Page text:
Once the talk was finished I bounced my way across to introduce myself and there is one word that I feel best sums up my impression of Samantha: Lovely. She allowed me to quiz her on all the things I didn’t get to ask during the Q&A, including her involvement with the cover and covers from other territories, which was a lot more than I thought it would be. Bloomsbury, she said, have been very accommodating when it comes to getting the look of her book perfect both for them and for her. During London Book Fair she even got to put input in on the design for one of the publishers from another territory (though, I have forgotten which one). We even got some casual fangirling into our chat, always fabulous.

The event was wonderful, with friendly, smiley staff and a pleasant atmosphere. I can’t wait to see Samantha Shannon’s career progress and am eagerly looking forward to the release of the hardback (and the reviews that will follow!).

Advertisements

Barefoot Books, Oxford: I found myself in Wonderland

I found myself in Wonderland by Elou Carroll

I found myself in Wonderland by Elou Carroll

Last weekend, I popped into Barefoot Books to pick up a copy of The Snow Queen and The Twelve Dancing Princesses, when asked if I wanted them to be gift wrapped, I proudly announced that the books for me; I read them that very same day and they read as beautifully as they look. Barefoot is a beautiful place, and a publisher I would very much like to secure an internship at (fingers crossed for my application!) and perhaps one day work. The studio is not just a bookshop. It’s like a day out; if I had children, I wouldn’t take them there just for a look, I would take them there for an experience. We would stay there for hours (and then buy everything).

In the words of Leah Lesser from the Barefoot blog:

When was the last time you walked inside a store and felt as if you had entered a different world, or stepped inside your favorite story?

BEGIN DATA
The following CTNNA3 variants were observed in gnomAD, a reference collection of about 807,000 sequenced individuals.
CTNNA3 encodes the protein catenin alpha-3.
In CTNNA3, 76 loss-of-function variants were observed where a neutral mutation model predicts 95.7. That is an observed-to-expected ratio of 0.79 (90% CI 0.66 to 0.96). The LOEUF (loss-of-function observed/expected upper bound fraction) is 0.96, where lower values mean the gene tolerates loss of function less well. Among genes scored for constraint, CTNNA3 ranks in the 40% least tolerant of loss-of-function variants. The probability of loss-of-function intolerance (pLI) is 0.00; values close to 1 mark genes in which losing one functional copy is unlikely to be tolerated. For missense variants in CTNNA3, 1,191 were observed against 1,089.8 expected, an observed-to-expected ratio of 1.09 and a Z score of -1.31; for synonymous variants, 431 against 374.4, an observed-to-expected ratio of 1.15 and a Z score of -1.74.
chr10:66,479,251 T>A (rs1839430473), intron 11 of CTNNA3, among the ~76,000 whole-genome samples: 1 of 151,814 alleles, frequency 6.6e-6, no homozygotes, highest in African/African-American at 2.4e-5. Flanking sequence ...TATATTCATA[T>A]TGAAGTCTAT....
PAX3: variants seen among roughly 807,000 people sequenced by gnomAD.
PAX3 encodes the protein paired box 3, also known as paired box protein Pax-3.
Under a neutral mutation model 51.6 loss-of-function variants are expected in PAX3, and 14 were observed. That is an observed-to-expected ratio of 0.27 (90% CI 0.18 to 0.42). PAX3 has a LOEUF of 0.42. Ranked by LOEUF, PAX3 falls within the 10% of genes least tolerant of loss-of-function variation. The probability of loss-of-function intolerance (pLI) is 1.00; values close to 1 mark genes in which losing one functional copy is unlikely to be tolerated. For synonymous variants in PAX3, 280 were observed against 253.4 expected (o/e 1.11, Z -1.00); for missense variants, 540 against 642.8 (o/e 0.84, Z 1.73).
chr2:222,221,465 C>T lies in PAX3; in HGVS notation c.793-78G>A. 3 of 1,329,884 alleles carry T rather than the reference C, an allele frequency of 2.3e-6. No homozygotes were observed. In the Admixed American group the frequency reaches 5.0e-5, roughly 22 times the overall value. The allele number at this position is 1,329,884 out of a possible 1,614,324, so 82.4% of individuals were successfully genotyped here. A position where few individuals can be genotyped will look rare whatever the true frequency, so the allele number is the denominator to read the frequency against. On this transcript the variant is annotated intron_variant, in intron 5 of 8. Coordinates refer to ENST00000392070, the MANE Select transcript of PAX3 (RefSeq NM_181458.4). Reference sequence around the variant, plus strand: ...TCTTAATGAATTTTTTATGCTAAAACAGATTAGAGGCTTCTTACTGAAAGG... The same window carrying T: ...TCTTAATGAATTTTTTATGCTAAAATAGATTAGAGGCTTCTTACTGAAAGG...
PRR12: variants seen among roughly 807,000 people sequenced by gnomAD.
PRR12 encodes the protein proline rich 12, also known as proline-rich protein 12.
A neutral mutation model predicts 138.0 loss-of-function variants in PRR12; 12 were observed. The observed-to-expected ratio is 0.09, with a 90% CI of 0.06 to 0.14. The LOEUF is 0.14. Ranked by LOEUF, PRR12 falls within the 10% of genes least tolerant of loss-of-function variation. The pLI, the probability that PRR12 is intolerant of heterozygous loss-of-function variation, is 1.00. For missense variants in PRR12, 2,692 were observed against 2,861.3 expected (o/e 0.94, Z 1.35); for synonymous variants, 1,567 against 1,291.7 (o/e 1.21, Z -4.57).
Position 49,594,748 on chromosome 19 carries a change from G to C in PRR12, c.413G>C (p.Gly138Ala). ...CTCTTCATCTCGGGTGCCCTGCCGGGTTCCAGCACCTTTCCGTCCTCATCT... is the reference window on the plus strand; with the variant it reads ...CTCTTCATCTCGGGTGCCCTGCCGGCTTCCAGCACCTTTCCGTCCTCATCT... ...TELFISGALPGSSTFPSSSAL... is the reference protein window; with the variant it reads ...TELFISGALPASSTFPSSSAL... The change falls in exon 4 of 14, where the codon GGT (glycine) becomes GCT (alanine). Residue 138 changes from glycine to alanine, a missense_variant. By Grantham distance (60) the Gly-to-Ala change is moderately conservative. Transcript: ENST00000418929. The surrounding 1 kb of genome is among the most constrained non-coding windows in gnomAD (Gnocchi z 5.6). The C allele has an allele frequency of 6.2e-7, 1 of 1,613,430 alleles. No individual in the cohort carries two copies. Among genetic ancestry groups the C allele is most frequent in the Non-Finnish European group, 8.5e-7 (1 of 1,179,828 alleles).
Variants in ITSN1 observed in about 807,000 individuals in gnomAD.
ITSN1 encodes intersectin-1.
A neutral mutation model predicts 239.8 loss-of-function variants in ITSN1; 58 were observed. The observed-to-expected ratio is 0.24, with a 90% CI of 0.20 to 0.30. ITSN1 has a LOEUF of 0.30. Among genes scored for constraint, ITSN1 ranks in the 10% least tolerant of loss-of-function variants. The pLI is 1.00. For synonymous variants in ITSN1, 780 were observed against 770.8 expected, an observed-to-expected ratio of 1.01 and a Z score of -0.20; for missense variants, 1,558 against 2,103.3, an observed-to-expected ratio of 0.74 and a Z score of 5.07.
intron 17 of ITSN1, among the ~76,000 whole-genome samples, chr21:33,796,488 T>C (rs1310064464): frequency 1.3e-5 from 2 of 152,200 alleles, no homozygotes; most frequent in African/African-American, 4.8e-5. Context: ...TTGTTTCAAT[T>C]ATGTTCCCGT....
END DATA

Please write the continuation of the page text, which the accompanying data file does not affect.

When I stepped into Barefoot, I found Wonderland, Narnia, Neverland… I was in another place, plucked right from somewhere magic. As soon as I stepped through the gate, I bubbled with excitement and as soon as I opened the door my face was taken over by the most gigantic grin. Everything was so bright and colourful and the first thing you hear is children giggling in the back. One child was so excited about the books that he couldn’t stop running around and almost told his dad which book he would choose for him for Christmas. I don’t think I have ever seen a child so excited, let alone so excited in a book shop.

It was beautiful to see and that little boy is one of the reasons why I would love to work in children’s publishing. To make a child that happy, that awed about books, would be a wonderful thing.

Below is a video of the studio in question. While you can’t feel the magic properly until you’ve been there, this can give you an idea.

I have never seen a book shop I have loved so much. I am collecting a street in my mind, a street filled with beautiful book shops. Some are old, some are new, some I’ve not yet visited  but Barefoot sits at the top, on a hill, a bright light with the wind rushing whirring around it like rustling pages.

Barefoot books: The Snow QueenBarefoot books: The Twelve Dancing Princesses